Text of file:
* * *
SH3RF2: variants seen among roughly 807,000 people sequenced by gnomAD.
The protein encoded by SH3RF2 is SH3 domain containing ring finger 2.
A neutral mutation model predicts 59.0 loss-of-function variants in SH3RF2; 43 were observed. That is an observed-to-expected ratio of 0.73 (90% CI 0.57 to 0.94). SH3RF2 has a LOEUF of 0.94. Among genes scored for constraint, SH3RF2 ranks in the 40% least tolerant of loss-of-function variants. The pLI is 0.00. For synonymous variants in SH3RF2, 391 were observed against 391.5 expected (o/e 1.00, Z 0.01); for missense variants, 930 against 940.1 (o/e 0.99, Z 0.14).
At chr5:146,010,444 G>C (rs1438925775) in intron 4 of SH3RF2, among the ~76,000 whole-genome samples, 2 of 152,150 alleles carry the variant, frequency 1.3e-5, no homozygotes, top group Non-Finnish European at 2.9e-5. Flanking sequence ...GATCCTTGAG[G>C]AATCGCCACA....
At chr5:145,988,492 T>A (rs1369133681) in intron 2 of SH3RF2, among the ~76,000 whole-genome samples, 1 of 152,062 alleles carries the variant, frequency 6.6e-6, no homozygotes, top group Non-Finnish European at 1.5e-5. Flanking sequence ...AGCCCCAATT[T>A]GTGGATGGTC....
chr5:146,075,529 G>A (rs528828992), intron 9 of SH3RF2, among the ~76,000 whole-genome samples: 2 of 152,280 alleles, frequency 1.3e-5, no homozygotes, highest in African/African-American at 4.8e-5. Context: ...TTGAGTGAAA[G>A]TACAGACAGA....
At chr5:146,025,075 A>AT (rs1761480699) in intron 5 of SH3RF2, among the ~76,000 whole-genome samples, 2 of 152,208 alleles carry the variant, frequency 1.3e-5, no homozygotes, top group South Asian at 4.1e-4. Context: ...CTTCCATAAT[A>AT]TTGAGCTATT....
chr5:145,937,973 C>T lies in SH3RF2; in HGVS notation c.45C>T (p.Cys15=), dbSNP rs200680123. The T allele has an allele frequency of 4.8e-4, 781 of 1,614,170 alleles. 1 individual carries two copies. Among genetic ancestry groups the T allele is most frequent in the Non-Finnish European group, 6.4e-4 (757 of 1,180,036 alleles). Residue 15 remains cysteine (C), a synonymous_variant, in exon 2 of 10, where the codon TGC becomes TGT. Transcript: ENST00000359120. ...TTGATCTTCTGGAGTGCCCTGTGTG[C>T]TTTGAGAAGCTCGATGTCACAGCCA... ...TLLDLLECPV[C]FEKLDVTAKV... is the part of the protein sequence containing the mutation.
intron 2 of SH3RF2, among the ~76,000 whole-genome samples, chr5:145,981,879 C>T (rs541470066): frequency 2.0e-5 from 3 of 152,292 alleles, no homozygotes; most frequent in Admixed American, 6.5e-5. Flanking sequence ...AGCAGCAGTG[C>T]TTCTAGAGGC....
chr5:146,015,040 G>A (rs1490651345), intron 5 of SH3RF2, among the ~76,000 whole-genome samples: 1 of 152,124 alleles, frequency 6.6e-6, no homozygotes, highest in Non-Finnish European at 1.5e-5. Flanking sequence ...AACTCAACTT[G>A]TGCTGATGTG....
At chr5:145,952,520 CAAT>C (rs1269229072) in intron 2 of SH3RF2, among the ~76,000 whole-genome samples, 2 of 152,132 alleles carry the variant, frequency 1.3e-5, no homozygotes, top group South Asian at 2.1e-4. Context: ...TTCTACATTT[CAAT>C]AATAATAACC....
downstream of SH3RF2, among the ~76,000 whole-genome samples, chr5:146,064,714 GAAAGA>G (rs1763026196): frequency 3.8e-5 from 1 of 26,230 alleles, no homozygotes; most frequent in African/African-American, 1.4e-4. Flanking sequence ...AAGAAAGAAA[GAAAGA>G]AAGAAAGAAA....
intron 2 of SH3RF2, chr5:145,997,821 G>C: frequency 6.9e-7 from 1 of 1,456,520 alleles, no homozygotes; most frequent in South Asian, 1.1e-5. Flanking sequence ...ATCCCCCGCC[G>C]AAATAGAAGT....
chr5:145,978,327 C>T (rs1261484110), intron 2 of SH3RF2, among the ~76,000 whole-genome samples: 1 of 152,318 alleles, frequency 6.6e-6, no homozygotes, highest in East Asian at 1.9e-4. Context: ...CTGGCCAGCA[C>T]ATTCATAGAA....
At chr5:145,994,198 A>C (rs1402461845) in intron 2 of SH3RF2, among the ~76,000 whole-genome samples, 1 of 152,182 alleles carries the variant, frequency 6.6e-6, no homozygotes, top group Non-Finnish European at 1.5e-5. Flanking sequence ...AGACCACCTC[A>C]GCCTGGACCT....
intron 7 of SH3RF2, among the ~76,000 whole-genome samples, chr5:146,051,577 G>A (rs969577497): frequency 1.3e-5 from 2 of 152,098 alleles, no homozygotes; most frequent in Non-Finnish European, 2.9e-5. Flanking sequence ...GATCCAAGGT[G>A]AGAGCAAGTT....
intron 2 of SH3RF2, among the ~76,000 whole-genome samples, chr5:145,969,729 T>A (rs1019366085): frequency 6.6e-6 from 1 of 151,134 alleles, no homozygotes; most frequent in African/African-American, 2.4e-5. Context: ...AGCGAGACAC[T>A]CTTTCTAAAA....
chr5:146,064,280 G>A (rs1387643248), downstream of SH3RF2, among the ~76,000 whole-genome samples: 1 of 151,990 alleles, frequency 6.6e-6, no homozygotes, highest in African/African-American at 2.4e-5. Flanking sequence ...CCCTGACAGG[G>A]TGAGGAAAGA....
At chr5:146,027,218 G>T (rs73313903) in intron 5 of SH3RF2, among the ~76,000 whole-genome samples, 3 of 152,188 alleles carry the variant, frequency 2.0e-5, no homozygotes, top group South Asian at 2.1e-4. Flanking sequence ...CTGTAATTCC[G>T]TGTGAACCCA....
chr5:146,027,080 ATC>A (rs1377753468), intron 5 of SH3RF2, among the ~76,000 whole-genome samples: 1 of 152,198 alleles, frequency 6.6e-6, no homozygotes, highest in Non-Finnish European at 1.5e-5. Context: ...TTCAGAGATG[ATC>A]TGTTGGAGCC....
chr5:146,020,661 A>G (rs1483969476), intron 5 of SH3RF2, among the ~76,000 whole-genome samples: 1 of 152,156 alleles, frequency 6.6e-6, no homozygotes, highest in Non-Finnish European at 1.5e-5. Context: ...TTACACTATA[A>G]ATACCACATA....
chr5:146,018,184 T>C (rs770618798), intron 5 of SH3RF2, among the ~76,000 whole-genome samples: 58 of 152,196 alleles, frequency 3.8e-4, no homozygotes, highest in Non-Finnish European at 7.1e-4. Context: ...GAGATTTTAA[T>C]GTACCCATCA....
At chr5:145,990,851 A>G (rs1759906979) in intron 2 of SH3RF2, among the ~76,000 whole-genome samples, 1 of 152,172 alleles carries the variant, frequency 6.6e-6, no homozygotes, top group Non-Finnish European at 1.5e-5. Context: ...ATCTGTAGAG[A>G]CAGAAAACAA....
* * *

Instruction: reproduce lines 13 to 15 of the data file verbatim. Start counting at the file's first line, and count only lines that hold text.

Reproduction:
intron 2 of SH3RF2, chr5:145,997,821 G>C: frequency 6.9e-7 from 1 of 1,456,520 alleles, no homozygotes; most frequent in South Asian, 1.1e-5. Flanking sequence ...ATCCCCCGCC[G>C]AAATAGAAGT....
chr5:145,978,327 C>T (rs1261484110), intron 2 of SH3RF2, among the ~76,000 whole-genome samples: 1 of 152,318 alleles, frequency 6.6e-6, no homozygotes, highest in East Asian at 1.9e-4. Context: ...CTGGCCAGCA[C>T]ATTCATAGAA....
At chr5:145,994,198 A>C (rs1402461845) in intron 2 of SH3RF2, among the ~76,000 whole-genome samples, 1 of 152,182 alleles carries the variant, frequency 6.6e-6, no homozygotes, top group Non-Finnish European at 1.5e-5. Flanking sequence ...AGACCACCTC[A>C]GCCTGGACCT....